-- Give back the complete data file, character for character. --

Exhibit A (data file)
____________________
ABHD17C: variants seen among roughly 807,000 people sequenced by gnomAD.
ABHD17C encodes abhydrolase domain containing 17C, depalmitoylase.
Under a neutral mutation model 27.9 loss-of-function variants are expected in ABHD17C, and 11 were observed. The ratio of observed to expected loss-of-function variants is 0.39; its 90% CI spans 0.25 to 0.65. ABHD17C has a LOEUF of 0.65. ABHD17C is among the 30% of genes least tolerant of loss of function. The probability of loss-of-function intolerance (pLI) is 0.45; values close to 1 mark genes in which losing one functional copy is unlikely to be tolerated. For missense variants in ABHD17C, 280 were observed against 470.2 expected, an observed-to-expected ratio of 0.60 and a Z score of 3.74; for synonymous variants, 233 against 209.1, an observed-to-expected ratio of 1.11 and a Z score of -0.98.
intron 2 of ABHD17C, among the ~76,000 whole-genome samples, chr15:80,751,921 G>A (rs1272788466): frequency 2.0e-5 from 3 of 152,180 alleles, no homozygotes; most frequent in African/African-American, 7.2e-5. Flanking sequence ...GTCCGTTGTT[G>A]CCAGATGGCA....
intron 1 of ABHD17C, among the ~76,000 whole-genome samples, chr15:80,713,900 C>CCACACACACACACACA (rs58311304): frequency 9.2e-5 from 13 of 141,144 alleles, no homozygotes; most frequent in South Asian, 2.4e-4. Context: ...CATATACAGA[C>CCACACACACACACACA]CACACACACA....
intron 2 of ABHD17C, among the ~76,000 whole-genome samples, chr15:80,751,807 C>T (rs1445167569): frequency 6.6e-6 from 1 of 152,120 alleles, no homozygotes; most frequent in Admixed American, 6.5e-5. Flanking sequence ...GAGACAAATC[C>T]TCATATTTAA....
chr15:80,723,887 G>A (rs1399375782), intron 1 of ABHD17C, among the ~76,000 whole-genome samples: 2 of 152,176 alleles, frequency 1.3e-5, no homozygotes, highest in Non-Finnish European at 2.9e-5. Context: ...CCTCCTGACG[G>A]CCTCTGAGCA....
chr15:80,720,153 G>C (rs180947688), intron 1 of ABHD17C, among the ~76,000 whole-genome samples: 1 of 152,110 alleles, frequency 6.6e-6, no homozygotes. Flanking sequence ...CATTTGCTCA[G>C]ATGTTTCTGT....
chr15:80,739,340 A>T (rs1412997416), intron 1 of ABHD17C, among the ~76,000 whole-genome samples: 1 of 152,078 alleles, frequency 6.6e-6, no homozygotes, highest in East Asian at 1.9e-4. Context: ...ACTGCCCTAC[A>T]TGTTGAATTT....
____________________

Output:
ABHD17C: variants seen among roughly 807,000 people sequenced by gnomAD.
ABHD17C encodes abhydrolase domain containing 17C, depalmitoylase.
Under a neutral mutation model 27.9 loss-of-function variants are expected in ABHD17C, and 11 were observed. The ratio of observed to expected loss-of-function variants is 0.39; its 90% CI spans 0.25 to 0.65. ABHD17C has a LOEUF of 0.65. ABHD17C is among the 30% of genes least tolerant of loss of function. The probability of loss-of-function intolerance (pLI) is 0.45; values close to 1 mark genes in which losing one functional copy is unlikely to be tolerated. For missense variants in ABHD17C, 280 were observed against 470.2 expected, an observed-to-expected ratio of 0.60 and a Z score of 3.74; for synonymous variants, 233 against 209.1, an observed-to-expected ratio of 1.11 and a Z score of -0.98.
intron 2 of ABHD17C, among the ~76,000 whole-genome samples, chr15:80,751,921 G>A (rs1272788466): frequency 2.0e-5 from 3 of 152,180 alleles, no homozygotes; most frequent in African/African-American, 7.2e-5. Flanking sequence ...GTCCGTTGTT[G>A]CCAGATGGCA....
intron 1 of ABHD17C, among the ~76,000 whole-genome samples, chr15:80,713,900 C>CCACACACACACACACA (rs58311304): frequency 9.2e-5 from 13 of 141,144 alleles, no homozygotes; most frequent in South Asian, 2.4e-4. Context: ...CATATACAGA[C>CCACACACACACACACA]CACACACACA....
intron 2 of ABHD17C, among the ~76,000 whole-genome samples, chr15:80,751,807 C>T (rs1445167569): frequency 6.6e-6 from 1 of 152,120 alleles, no homozygotes; most frequent in Admixed American, 6.5e-5. Flanking sequence ...GAGACAAATC[C>T]TCATATTTAA....
chr15:80,723,887 G>A (rs1399375782), intron 1 of ABHD17C, among the ~76,000 whole-genome samples: 2 of 152,176 alleles, frequency 1.3e-5, no homozygotes, highest in Non-Finnish European at 2.9e-5. Context: ...CCTCCTGACG[G>A]CCTCTGAGCA....
chr15:80,720,153 G>C (rs180947688), intron 1 of ABHD17C, among the ~76,000 whole-genome samples: 1 of 152,110 alleles, frequency 6.6e-6, no homozygotes. Flanking sequence ...CATTTGCTCA[G>C]ATGTTTCTGT....
chr15:80,739,340 A>T (rs1412997416), intron 1 of ABHD17C, among the ~76,000 whole-genome samples: 1 of 152,078 alleles, frequency 6.6e-6, no homozygotes, highest in East Asian at 1.9e-4. Context: ...ACTGCCCTAC[A>T]TGTTGAATTT....